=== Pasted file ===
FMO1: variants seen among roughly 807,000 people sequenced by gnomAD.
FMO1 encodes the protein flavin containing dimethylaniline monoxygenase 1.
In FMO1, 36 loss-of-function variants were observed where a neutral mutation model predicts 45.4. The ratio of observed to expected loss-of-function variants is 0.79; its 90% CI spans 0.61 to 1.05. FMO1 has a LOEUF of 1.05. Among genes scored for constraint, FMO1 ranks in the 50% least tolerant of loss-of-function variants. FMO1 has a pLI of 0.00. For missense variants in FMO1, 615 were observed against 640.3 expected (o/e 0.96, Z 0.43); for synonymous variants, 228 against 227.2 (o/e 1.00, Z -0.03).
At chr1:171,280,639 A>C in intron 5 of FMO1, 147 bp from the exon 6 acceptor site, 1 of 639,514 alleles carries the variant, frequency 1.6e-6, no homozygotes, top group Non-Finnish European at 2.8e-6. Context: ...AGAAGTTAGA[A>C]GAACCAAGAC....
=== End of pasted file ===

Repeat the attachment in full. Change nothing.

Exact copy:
FMO1: variants seen among roughly 807,000 people sequenced by gnomAD.
FMO1 encodes the protein flavin containing dimethylaniline monoxygenase 1.
In FMO1, 36 loss-of-function variants were observed where a neutral mutation model predicts 45.4. The ratio of observed to expected loss-of-function variants is 0.79; its 90% CI spans 0.61 to 1.05. FMO1 has a LOEUF of 1.05. Among genes scored for constraint, FMO1 ranks in the 50% least tolerant of loss-of-function variants. FMO1 has a pLI of 0.00. For missense variants in FMO1, 615 were observed against 640.3 expected (o/e 0.96, Z 0.43); for synonymous variants, 228 against 227.2 (o/e 1.00, Z -0.03).
At chr1:171,280,639 A>C in intron 5 of FMO1, 147 bp from the exon 6 acceptor site, 1 of 639,514 alleles carries the variant, frequency 1.6e-6, no homozygotes, top group Non-Finnish European at 2.8e-6. Context: ...AGAAGTTAGA[A>C]GAACCAAGAC....